Arriving in Edinburgh, there really aren’t too many ways to prepare for this city. To say it’s green and lush — with signs to recycle and ‘bin your litter’ everywhere — would still be an understatement. Looking about the landscape of the city, your eyes dance from cliff-side rock formations to churches to castles (real ones from the 1500s).
British Airways decided to help me out with the transition from airport to city by taking care of my bags for two days — temporarily misplacing all my camping gear.
Not to matter, as my host Ant turned out to be a delightfully accommodating man. After phoning him for the first time at the Waverly bus station in the city’s center, his thick British accent had to explain the bus routes three times to me before I could successfully repeat the directions back to him.
Friday night there was an open mic fundraiser for a Himalaya Tibetan shop’s non-profit to aid children of Tibet. Ant brought down the house with an amazingly insightful and emotional poem he completed the night before.
That same night I met Agnes, who invited me to a bothy (an outdoor shelter) in the northern Highlands of Scotland. I couldn’t say no, and with an approving nod from Ant, I was home packing my gear within the hour. By 6:30 a.m. Saturday I was on my way out the door to meet Agnes and company for the trip north.
Upon arrival, we met our bothy-share mates: Dan, a scruffy, barrel-chested man in his 40s; his brother John, a smaller clean-cut fellow who makes a living in software design; and John’s son, David, who constantly had his headphones on and didn’t really say much of anything.
As the evening fell upon us and the whiskey began to flow, I took the opportunity to ask, “What would you do with 50 billion pounds.” Oh yes, leave it to me to open a firestorm of charged opinions in an otherwise calm relaxing environment.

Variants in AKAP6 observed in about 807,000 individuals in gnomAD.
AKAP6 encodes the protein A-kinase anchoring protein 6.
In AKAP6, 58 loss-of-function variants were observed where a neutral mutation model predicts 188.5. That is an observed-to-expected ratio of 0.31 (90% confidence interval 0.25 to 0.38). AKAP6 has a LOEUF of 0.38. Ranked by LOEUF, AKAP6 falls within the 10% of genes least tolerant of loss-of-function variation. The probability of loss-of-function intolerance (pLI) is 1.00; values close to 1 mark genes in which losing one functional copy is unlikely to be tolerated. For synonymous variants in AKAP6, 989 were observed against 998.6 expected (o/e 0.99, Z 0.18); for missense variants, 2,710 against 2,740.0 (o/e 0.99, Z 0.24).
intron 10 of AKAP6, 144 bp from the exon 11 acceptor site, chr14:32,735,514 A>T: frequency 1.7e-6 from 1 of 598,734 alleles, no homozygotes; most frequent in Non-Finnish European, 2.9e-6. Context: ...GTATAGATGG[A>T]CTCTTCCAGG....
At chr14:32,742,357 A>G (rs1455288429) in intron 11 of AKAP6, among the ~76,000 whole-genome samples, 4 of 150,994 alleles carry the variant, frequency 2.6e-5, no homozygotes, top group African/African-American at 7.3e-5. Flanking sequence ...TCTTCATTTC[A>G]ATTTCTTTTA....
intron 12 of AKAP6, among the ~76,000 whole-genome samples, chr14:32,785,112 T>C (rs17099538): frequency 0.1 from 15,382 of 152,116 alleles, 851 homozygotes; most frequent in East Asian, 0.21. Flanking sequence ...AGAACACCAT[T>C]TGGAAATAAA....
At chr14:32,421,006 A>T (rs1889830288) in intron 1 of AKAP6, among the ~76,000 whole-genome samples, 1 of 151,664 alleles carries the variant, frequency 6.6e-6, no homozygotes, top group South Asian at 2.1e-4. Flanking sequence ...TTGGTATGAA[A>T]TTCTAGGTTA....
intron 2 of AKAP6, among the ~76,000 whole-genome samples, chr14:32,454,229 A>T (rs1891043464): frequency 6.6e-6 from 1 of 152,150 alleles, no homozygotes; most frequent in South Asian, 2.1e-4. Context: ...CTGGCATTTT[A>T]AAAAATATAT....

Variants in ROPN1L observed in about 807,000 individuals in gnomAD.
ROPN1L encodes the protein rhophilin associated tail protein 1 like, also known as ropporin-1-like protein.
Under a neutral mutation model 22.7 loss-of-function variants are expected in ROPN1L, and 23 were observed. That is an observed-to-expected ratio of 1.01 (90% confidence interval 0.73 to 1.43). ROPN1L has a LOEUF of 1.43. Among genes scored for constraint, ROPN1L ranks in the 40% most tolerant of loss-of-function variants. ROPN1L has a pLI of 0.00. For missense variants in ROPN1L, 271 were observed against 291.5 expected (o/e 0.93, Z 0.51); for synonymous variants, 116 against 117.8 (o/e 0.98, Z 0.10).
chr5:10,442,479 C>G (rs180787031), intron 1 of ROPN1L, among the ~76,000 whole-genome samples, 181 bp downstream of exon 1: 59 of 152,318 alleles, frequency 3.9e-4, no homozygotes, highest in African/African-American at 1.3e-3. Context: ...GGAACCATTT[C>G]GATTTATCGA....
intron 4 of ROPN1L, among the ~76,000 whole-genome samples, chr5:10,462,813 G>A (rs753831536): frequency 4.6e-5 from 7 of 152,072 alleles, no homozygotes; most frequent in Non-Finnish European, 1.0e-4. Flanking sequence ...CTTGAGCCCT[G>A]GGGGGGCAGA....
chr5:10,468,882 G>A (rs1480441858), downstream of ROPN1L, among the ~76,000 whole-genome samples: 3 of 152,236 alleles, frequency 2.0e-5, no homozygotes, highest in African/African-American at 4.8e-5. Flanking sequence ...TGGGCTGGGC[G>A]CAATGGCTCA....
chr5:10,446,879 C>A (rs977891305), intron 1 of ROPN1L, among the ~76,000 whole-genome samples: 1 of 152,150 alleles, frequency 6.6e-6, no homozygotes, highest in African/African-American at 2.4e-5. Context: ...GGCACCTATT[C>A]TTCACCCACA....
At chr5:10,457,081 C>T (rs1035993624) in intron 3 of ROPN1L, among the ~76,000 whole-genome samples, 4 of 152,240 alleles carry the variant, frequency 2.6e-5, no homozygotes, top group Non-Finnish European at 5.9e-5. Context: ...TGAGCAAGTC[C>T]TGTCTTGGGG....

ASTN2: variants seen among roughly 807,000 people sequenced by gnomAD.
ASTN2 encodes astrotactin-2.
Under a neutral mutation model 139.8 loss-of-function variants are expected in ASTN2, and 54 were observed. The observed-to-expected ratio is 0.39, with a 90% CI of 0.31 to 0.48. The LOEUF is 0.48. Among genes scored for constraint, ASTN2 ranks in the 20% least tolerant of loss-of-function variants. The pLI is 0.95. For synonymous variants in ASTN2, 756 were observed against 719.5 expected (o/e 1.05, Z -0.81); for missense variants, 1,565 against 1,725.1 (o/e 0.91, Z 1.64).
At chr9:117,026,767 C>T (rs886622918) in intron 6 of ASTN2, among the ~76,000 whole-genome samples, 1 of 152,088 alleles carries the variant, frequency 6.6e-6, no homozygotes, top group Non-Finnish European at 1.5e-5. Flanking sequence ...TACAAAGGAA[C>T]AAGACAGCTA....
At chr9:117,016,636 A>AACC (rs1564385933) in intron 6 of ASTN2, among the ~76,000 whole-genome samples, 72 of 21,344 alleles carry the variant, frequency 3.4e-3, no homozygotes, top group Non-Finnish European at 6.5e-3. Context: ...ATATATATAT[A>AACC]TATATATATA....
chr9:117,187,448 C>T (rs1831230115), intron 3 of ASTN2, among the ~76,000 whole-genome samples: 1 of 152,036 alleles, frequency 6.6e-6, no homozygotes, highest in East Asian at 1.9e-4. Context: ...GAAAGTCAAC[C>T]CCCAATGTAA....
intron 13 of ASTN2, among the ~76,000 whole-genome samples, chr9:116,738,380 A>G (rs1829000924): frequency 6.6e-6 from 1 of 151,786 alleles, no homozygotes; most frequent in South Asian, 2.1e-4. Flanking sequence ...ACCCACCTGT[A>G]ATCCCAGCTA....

Immediately the two brothers went deep red and took a quick glance at one another: The debate had begun. John admitted to being a lifelong Conservative while Dan was clearly for the Labour Party (David expressed nothing).
While we discussed the pros and cons of the situation in the U.S. versus that of the U.K.; the one thing that was agreed was, “damn that’s a hell of a lot of money!”
The debate really wasn’t all too different from that which we hear about in the States: Give it to those rich blokes who got us into this mess, or let them suffer and use the money for the people at the other end of the financial spectrum whose pensions may be in jeopardy.
Judging from the Monday morning front page of the Metro (Edinburgh’s free daily newspaper), one might say the bottle is only now beginning to be shaken up: “Top Banks in line for 35 billion pounds in aid.”
With the Icelandic Banks sinking into oblivion, the Royal Bank of Scotland asking for a whopping 15 billion pounds of the 50 billion set out to fight over and HVOA is looking for 10 billion pounds — and the list keeps growing — everyone’s in line for some hook-ups and people are proclaiming the end of the free market: Capitalism saved by Socialism.
Gordon Brown of the U.K. and Nicolas Sarkozy of France are having an emergency meeting while parliament is trying to figure out a way to get some politicians on the board of the RBS during the preparations of its CEO’s resignation.
So if I’ve got this right on both sides of the pond: Government officials for whom our trust is shaky, to say the least, have approved spending of our money to buy up toxic stocks of banks, which were run unscrupulously.
And they are now looking to place politicians in controlling seats of these companies to watch over the “investment?”
Does it seem to anyone else like we’ve hired the fox to guard the chicken coop?
For now, I’m reading up on air pollution in Atlanta from the safety of my tent . doom-and-gloom stories are one thing, but I truly feel as if I should get comfortable living like this — I’m quite happy to be eating cold oatmeal and dry bread knowing even upon returning State-side, I may need to put these same skills to use during my final semester at CSU.
Phoenix Mourning-Star is environmental health graduate student. His column appears Thursdays in the Collegian. Letters and feedback can be sent to firstname.lastname@example.org.